The defeat of heavyweight boxer Joe Louis by Max Schmeling in 1936 was one of the greatest upsets in boxing history. It was also an unfortunate one. Louis was young, black, apparently clean-living and possessed of a God-given ability to knock out opponents with either hand. He was widely expected to win the world title and so end the racial segregation that still blighted the sport. Though affable and generally liked in the US, the much older Schmeling had one irredeemable fault: he was German, and his twelfth-round knockout of Louis was inevitably seized upon by the Nazis as proof of their racist theories. ‘The last round is quite wonderful,’ Goebbels noted in his diary after watching the film of the fight. ‘He really knocks out the nigger.’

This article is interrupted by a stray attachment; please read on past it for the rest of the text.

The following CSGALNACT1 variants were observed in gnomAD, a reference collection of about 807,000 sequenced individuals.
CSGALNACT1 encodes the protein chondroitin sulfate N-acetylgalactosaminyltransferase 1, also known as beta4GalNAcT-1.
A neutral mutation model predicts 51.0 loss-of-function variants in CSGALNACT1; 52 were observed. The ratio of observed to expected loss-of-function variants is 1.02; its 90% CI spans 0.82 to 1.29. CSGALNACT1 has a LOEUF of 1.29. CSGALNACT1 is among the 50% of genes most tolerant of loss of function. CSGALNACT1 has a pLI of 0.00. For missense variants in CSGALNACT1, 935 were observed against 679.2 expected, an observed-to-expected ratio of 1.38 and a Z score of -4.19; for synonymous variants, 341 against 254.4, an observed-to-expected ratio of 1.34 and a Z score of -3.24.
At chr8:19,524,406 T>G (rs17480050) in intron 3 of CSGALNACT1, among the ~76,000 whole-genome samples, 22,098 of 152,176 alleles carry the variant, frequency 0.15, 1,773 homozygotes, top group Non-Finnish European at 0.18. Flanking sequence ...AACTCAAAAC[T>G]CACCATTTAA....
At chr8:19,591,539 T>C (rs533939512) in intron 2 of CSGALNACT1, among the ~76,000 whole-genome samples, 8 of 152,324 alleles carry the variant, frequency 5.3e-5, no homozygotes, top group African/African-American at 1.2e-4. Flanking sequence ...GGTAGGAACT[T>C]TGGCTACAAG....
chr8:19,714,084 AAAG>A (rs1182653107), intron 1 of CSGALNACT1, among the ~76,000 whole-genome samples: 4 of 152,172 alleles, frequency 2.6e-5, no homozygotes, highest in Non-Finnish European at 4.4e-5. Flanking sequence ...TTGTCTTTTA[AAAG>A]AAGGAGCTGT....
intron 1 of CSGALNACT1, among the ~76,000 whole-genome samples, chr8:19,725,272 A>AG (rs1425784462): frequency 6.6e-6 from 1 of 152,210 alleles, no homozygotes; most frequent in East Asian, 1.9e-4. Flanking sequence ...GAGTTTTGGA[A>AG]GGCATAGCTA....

Follow Literary Review on Twitter
The minimalist Fumio Sasaki 'confesses that as he began to purchase fewer consumer goods, his meals shrank in size. He decluttered and lost weight. Accumulation is not just an economic way of life but a form of embodiment too. Enlightenment is reduction.'
'The river’s desecration mirrors Colombia’s long history of violence: "for years we treated it like a sewer," says Ahmed, a survivor of a particularly brutal paramilitary massacre, "just like we treated each other".'
Patrick Wilcken on the Magdalena.
It's 'all lively and entertaining but rather too black and white. Her account of British politics and the success of the Brexit campaign verges on the cartoonish.'
@David_Goodhart on Anne Applebaum's 'Twilight on Democracy'.